Inside USD

Homeland Security’s Bersin Discusses Border Security

Monday, September 14, 2009

bersin-fotoAlan Bersin was on the University of San Diego campus on Sept. 11, discussing the Department of Homeland Security’s vision for United States-Mexico border security. Amid continuing concerns about drug cartel activities and violence, it seemed appropriate that the DHS assistant secretary spoke on the anniversary of one of the most tragic events in U.S. history.

“The border has been altered by (9/11),” said Bersin, a DHS assistant secretary. “It has had a big impact on the United States and its borders in the 21st century.”

While issues regarding the U.S.-Mexico border have been present well before 9/11, topics such as illegal immigration, cross-border trafficking and drug cartel violence have been looked at much more closely in the years since. The DHS was created by the Bush Administration less than two years after the 9/11 attacks. Bersin — appointed by DHS Secretary Janet Napolitano as a special representative for border affairs in April 2009 — focused his talk Friday in the Joan B. Kroc Institute for Peace & Justice Theater on an “intermestic” effort by U.S. and Mexico to work closely on border security.

“It’s not a Mexico problem. It’s not a U.S. problem. It’s a shared problem,” he said. “Drug crime is at its highest in history. (Mexico) President (Felipe) Calderón and President Obama are not trying to fix the blame, they want to work together to find the solution.”

Closer inspection of vehicles going into Mexico — looking for illegal weapons, drugs and bulk cash — is having a measured effect. Bersin said $42 million and hundreds of weapons have been seized since the end of March. “Homeland Security wants to keep dangerous things and people from crossing,” said Bersin, who previously served as a border representative in the Clinton Administration while also a U.S. Attorney. “After 9/11, there’s no margin for error. The consequences could be fatal.”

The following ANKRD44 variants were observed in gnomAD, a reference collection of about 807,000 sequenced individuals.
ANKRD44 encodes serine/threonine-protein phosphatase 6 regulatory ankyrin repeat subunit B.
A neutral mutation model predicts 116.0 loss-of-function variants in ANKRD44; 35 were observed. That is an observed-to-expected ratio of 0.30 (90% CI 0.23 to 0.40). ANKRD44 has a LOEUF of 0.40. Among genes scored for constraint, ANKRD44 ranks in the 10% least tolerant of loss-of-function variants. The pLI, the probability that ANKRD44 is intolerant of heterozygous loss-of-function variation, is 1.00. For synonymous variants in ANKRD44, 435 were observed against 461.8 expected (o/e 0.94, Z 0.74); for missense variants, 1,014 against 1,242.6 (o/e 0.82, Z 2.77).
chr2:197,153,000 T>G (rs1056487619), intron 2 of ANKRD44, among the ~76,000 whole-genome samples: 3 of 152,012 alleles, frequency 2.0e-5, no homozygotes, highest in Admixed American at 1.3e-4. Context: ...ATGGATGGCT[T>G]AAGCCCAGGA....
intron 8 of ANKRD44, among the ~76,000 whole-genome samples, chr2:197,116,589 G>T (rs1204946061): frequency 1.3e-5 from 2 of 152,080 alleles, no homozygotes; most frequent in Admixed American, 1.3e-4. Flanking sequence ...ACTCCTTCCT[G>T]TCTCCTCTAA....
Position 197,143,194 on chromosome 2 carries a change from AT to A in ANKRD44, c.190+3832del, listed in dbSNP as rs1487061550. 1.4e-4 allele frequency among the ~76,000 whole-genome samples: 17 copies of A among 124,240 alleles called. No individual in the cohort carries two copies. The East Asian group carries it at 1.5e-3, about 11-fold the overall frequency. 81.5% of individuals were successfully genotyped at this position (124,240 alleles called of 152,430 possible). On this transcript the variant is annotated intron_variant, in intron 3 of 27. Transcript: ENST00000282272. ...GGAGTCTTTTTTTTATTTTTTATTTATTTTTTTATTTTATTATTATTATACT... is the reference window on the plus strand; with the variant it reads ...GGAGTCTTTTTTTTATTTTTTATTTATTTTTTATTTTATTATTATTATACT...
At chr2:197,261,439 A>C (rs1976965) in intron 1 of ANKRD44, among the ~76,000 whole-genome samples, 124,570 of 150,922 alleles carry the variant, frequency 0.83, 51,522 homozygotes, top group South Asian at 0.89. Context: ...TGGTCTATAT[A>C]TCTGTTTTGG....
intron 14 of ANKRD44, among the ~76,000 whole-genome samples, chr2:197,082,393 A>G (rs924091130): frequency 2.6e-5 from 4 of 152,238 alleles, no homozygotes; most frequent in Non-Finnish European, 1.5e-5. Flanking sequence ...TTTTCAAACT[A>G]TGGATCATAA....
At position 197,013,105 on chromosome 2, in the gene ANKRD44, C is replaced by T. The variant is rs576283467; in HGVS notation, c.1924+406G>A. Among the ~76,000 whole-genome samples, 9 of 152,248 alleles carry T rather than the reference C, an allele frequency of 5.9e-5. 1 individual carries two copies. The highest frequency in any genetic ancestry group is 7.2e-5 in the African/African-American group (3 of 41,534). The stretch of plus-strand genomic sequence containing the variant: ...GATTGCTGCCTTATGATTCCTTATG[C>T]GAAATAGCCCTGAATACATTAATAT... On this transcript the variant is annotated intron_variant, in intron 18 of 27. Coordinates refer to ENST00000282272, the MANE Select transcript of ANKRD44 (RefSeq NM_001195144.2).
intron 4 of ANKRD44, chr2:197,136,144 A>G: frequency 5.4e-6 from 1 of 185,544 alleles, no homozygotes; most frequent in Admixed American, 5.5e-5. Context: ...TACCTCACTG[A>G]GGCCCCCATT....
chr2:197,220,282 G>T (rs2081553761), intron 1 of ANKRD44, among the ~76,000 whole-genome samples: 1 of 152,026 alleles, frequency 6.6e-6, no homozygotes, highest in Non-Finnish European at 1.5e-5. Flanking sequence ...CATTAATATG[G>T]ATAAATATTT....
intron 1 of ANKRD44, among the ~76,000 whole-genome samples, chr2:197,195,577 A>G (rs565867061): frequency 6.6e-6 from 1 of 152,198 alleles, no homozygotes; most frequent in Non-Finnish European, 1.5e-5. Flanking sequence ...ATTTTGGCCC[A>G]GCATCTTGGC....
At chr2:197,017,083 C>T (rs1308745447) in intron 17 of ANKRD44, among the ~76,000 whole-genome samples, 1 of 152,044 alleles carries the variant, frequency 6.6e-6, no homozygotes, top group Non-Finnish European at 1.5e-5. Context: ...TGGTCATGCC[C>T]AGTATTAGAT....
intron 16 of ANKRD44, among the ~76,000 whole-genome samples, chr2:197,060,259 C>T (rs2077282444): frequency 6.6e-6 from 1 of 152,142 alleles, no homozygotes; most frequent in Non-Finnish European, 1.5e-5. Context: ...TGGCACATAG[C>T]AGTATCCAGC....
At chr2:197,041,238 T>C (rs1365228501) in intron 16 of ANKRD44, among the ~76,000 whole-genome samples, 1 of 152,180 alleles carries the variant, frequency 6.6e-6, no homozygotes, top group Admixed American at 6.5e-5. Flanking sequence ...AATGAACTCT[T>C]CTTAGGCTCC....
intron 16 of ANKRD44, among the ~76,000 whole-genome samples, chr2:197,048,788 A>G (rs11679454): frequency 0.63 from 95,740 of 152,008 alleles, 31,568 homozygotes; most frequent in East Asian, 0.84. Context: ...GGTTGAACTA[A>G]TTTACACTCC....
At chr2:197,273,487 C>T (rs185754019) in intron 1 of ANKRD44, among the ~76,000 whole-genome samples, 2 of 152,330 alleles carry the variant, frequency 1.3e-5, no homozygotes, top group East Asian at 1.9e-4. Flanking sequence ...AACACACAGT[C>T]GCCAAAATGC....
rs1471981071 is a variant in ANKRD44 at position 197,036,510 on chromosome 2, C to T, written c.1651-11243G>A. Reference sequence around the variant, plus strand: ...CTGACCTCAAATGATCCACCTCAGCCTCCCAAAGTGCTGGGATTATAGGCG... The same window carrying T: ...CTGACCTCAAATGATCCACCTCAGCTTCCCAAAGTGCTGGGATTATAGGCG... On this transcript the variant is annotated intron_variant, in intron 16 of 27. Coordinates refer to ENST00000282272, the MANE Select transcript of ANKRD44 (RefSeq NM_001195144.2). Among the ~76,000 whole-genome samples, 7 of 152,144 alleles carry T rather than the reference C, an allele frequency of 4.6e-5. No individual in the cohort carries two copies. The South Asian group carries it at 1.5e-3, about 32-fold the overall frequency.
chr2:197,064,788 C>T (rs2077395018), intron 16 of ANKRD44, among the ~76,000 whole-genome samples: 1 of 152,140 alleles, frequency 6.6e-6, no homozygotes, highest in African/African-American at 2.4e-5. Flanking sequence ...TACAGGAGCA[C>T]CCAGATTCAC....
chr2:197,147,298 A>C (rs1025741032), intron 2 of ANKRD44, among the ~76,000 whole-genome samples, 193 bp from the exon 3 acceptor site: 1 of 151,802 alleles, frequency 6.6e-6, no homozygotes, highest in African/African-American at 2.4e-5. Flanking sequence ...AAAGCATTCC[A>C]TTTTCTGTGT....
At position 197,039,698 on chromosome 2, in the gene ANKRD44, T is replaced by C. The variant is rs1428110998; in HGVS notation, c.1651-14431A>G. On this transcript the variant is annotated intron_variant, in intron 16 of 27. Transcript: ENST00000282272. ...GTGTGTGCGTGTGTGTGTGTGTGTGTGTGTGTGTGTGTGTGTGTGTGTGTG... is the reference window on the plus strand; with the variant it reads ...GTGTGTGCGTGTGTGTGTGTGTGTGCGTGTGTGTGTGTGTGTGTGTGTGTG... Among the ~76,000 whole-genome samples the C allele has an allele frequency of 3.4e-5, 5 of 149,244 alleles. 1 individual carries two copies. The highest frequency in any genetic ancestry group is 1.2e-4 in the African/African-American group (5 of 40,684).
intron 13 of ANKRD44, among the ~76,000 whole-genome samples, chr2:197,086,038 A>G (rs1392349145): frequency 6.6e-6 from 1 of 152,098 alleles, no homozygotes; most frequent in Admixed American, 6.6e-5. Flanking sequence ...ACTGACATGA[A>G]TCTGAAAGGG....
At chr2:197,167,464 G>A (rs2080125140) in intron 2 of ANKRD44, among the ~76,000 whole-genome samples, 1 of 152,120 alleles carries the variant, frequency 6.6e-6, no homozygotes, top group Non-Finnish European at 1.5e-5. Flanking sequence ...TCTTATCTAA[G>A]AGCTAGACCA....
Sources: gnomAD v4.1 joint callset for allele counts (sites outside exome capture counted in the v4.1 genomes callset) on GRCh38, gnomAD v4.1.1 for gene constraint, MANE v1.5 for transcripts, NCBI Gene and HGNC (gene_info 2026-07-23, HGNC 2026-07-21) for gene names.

Bersin praised Calderon for his actions in 2006 when he took on Mexico drug cartels with military action. “Most would have shied away from it, but it was one of the most courageous actions toward the process of democratization. Organized crime affected the society and affected its future. For him to face the facts about it is the stuff of greatness.”

Charles Pope, interim director for USD’s Trans-Border Institute, said Bersin’s appearance, co-sponsored by LEAD San Diego and TBI, was important to keep U.S.-Mexico border issues at the forefront. “He’s a great resource to bring on campus, by virtue that he’s a high-level government official who is very knowledgeable about the subject,” Pope said. “Whether or not people agree with him, he still provides an important resource for us. His appearance provides the foundation for a debate and to dialogue.”

Pope said Bersin’s talk will be posted on TBI’s Web site in the near future.

— Ryan T. Blystone

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